Highlights of her time at CDS include its popular biennial Hebrew song and dance festival, Zimriah, and the annual eighth grade trip to Israel, for which she regularly serves as chaperone.

“Another highlight is when former students are coming here to look at the school for their children, and then are bringing them here,” Mazer said. “We have several families, and it’s really funny to look at these parents who are all together, and say, ‘ Do you remember when you were in my class?’”

While it is not common for anyone these days to spend almost their entire working career at the same place, Mazer never felt the need to make a move.

“I think I got everything that I needed by being here,” she said. “It gave me personal growth. I was able to do things that I really enjoyed. I looked forward to coming to work every day. I like to keep very busy, and I think I can honestly say that I never, ever, ever get bored because there is always something unique and something that is happening. It’s home.”

Mazer will be transitioning to part-time next semester, before retiring after the end of the 2019-’20 academic year. She will maintain her duties as head of Hebrew and Jewish studies while the school conducts a search for her replacement. Andrea Erven-Victoria, the co-director of the Early Childhood Program at CDS, will take over as head of lower school.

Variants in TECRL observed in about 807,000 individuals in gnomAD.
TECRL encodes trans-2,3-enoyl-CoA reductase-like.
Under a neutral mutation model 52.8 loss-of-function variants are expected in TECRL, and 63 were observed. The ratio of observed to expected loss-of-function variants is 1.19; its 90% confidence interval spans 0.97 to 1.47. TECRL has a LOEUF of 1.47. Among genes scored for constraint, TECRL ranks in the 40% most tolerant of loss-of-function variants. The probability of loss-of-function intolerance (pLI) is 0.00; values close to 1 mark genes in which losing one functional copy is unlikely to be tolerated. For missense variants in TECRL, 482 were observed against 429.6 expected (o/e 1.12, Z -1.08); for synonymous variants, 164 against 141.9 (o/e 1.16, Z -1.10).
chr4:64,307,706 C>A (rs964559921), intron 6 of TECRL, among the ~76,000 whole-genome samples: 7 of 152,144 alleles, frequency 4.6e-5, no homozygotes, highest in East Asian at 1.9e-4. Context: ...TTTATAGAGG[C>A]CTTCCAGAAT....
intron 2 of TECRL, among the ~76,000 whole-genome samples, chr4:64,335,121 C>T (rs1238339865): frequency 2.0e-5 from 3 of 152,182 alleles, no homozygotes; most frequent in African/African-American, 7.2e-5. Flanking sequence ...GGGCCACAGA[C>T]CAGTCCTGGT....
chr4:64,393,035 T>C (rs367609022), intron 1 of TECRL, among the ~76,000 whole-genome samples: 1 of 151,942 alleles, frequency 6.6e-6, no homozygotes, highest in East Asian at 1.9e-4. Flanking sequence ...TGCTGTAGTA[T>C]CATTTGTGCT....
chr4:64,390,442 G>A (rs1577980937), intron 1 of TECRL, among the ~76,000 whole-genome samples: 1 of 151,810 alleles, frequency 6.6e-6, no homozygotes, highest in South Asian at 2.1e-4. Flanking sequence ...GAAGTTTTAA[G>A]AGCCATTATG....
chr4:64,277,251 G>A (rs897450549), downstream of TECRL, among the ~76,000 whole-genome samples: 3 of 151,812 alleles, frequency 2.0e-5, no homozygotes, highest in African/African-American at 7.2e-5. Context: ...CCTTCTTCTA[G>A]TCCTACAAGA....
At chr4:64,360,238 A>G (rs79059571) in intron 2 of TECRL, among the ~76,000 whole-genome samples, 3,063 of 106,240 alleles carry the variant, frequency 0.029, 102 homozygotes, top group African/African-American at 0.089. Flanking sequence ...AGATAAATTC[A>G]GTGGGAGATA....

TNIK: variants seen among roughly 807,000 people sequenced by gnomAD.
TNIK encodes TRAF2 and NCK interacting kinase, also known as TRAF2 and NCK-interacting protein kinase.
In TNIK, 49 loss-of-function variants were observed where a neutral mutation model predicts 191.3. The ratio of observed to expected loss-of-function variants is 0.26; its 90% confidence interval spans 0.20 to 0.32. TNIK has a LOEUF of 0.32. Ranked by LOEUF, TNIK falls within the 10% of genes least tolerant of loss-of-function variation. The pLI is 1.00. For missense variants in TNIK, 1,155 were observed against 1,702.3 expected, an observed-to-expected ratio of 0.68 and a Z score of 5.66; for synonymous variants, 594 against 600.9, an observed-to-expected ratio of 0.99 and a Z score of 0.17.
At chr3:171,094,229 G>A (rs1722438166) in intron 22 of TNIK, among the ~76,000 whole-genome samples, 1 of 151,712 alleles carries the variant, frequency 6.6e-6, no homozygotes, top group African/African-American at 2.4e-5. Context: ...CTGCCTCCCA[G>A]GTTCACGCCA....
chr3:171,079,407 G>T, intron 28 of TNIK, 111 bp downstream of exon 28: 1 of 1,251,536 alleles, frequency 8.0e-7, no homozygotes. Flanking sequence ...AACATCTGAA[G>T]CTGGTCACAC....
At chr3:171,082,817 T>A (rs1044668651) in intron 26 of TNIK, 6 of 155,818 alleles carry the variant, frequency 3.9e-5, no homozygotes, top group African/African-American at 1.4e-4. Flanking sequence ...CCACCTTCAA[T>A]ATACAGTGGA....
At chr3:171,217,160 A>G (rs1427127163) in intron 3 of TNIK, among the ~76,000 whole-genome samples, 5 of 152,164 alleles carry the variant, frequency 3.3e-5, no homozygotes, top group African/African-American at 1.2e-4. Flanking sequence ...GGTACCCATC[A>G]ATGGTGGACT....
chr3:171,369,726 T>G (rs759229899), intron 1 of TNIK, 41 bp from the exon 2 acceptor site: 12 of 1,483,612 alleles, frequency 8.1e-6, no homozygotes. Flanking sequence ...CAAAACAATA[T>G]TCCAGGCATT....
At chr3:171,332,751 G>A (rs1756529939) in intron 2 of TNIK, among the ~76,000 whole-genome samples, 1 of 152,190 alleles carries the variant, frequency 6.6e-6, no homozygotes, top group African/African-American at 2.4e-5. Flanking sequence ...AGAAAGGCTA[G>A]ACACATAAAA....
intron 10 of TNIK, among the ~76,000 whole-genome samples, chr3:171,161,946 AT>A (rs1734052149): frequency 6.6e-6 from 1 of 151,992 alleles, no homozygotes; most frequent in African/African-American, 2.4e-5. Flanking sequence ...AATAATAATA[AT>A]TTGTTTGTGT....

“Tzippy will still be around part-time,” noted Erven-Victoria. “I feel fortunate to have her as a mentor, and know that I can always turn to that support and wisdom. Knowing that I am going to be supported makes me feel more confident. I’m so excited about being at this school and being part of the amazing team they’ve built.” pjc

Toby Tabachnick can be reached at